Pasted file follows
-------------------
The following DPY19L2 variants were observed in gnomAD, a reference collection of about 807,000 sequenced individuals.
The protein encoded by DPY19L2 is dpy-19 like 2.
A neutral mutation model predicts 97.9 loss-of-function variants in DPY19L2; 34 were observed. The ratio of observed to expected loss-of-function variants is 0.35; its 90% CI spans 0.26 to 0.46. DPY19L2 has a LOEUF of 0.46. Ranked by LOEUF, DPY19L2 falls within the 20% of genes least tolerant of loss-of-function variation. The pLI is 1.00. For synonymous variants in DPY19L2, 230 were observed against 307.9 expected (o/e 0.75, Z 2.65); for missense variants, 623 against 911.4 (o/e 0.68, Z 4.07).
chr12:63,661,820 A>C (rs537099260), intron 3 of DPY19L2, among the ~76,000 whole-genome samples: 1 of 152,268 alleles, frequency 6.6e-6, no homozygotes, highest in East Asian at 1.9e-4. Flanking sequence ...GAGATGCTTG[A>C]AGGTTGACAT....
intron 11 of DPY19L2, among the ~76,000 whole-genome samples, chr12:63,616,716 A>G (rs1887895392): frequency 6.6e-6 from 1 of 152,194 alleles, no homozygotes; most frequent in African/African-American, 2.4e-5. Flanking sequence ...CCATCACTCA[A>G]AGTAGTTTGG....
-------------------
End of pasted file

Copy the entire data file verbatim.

The following DPY19L2 variants were observed in gnomAD, a reference collection of about 807,000 sequenced individuals.
The protein encoded by DPY19L2 is dpy-19 like 2.
A neutral mutation model predicts 97.9 loss-of-function variants in DPY19L2; 34 were observed. The ratio of observed to expected loss-of-function variants is 0.35; its 90% CI spans 0.26 to 0.46. DPY19L2 has a LOEUF of 0.46. Ranked by LOEUF, DPY19L2 falls within the 20% of genes least tolerant of loss-of-function variation. The pLI is 1.00. For synonymous variants in DPY19L2, 230 were observed against 307.9 expected (o/e 0.75, Z 2.65); for missense variants, 623 against 911.4 (o/e 0.68, Z 4.07).
chr12:63,661,820 A>C (rs537099260), intron 3 of DPY19L2, among the ~76,000 whole-genome samples: 1 of 152,268 alleles, frequency 6.6e-6, no homozygotes, highest in East Asian at 1.9e-4. Flanking sequence ...GAGATGCTTG[A>C]AGGTTGACAT....
intron 11 of DPY19L2, among the ~76,000 whole-genome samples, chr12:63,616,716 A>G (rs1887895392): frequency 6.6e-6 from 1 of 152,194 alleles, no homozygotes; most frequent in African/African-American, 2.4e-5. Flanking sequence ...CCATCACTCA[A>G]AGTAGTTTGG....